Estimated Reading Time: Less than one minutes
Today we talked about quantitative data via surveys. The two papers we discussed were John Bertot's paper $Web-based surveys: Not your basic survey anymore$ from Library Quarterly and 'survey research and libraries: Not necessarily like in the textbooks$ also from Library Quarterly.
A couple of interesting topics were brought up: survey question changes in longitudinal studies, advantages of web surveys, and importance of quantitative vs qualitative.
One of the things I$m going to try to do in this reflective journal is to relate what we talked about to my previous and future research.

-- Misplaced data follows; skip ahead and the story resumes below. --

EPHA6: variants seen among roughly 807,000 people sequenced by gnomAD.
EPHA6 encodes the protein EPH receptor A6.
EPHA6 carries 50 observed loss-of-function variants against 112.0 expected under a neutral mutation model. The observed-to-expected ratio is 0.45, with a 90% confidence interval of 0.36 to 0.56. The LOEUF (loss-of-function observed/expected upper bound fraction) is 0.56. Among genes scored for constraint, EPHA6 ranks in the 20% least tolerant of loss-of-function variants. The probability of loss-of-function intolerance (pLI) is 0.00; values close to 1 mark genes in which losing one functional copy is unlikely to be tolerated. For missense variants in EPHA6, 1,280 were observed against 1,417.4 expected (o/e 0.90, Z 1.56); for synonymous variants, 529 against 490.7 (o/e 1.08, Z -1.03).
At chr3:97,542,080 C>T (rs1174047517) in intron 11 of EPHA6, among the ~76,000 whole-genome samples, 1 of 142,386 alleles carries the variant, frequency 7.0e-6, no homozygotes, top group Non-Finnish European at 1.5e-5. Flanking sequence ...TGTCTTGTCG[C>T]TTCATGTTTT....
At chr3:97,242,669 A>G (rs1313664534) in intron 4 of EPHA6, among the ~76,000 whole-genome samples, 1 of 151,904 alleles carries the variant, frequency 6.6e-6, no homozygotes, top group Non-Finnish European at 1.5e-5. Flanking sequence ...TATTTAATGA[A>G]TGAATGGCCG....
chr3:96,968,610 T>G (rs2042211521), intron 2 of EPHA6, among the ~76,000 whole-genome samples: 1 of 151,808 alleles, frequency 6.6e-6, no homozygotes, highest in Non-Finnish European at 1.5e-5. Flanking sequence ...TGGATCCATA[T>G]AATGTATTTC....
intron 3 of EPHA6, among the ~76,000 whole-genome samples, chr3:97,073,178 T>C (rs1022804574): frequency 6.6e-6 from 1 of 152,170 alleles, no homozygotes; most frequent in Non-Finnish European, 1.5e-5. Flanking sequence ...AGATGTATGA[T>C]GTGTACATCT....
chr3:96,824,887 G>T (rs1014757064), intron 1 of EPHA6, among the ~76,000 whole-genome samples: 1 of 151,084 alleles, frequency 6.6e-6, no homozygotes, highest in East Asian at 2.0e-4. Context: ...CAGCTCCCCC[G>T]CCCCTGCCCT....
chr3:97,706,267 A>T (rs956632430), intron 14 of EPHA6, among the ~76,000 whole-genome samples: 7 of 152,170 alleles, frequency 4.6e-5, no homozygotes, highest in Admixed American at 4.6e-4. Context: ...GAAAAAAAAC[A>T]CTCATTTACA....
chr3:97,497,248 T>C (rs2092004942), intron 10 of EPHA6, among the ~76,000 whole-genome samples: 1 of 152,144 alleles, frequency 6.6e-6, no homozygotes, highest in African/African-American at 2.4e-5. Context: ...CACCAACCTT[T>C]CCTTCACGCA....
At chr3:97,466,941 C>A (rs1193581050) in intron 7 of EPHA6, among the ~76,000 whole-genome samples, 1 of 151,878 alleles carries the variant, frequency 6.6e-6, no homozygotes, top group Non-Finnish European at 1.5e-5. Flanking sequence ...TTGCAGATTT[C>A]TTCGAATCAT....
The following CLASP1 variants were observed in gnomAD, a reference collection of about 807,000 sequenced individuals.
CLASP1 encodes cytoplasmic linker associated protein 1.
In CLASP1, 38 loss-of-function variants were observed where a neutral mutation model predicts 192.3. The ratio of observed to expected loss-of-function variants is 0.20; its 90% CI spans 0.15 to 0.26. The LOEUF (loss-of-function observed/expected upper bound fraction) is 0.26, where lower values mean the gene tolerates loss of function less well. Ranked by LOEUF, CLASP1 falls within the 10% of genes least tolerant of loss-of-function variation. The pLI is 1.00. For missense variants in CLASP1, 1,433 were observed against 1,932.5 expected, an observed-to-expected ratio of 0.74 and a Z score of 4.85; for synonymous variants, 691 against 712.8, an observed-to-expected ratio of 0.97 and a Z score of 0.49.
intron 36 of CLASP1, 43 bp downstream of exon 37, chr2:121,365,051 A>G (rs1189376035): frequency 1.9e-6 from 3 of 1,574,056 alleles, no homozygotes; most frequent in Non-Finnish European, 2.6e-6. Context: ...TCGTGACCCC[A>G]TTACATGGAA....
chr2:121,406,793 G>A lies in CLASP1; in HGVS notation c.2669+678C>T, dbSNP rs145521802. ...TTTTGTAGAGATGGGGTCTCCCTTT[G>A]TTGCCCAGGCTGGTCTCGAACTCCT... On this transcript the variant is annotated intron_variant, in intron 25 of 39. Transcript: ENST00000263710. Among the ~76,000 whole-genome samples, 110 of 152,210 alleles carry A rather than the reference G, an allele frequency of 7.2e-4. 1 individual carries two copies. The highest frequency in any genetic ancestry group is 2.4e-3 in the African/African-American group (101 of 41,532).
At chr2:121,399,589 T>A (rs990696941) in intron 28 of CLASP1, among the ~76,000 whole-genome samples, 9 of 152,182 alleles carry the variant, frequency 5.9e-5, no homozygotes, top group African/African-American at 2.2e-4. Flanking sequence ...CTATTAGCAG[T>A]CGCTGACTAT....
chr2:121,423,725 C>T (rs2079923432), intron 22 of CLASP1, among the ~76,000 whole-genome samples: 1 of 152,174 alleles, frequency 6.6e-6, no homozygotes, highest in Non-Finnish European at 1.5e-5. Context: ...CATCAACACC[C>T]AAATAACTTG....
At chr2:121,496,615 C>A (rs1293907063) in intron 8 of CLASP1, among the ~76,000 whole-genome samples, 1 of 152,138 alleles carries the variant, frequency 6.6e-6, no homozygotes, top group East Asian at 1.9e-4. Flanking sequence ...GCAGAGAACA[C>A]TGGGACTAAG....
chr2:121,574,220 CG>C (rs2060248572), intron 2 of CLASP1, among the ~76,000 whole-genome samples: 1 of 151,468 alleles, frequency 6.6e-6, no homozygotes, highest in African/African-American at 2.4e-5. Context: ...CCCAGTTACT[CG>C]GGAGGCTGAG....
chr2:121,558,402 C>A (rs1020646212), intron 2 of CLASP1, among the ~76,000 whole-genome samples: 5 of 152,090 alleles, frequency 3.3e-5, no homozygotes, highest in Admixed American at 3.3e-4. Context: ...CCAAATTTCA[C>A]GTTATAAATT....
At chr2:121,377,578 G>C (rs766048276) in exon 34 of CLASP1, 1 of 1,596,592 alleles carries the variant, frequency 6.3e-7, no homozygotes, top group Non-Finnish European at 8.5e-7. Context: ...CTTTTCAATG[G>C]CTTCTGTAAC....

I have not had to do surveys yet for my research. Most of the ones I planned for the Qualitative class were just academic practices. I could see myself using a branching survey for my research on co-designing educational video games especially once the game is designed and it is being $tested$ with groups. A generalized survey could give me data on what kinds of video game systems are in the house hold, hours playing games, computers, economic data, etc. A post-play survey would give me some quantitative data with Lichert scales on the opinions about the game play.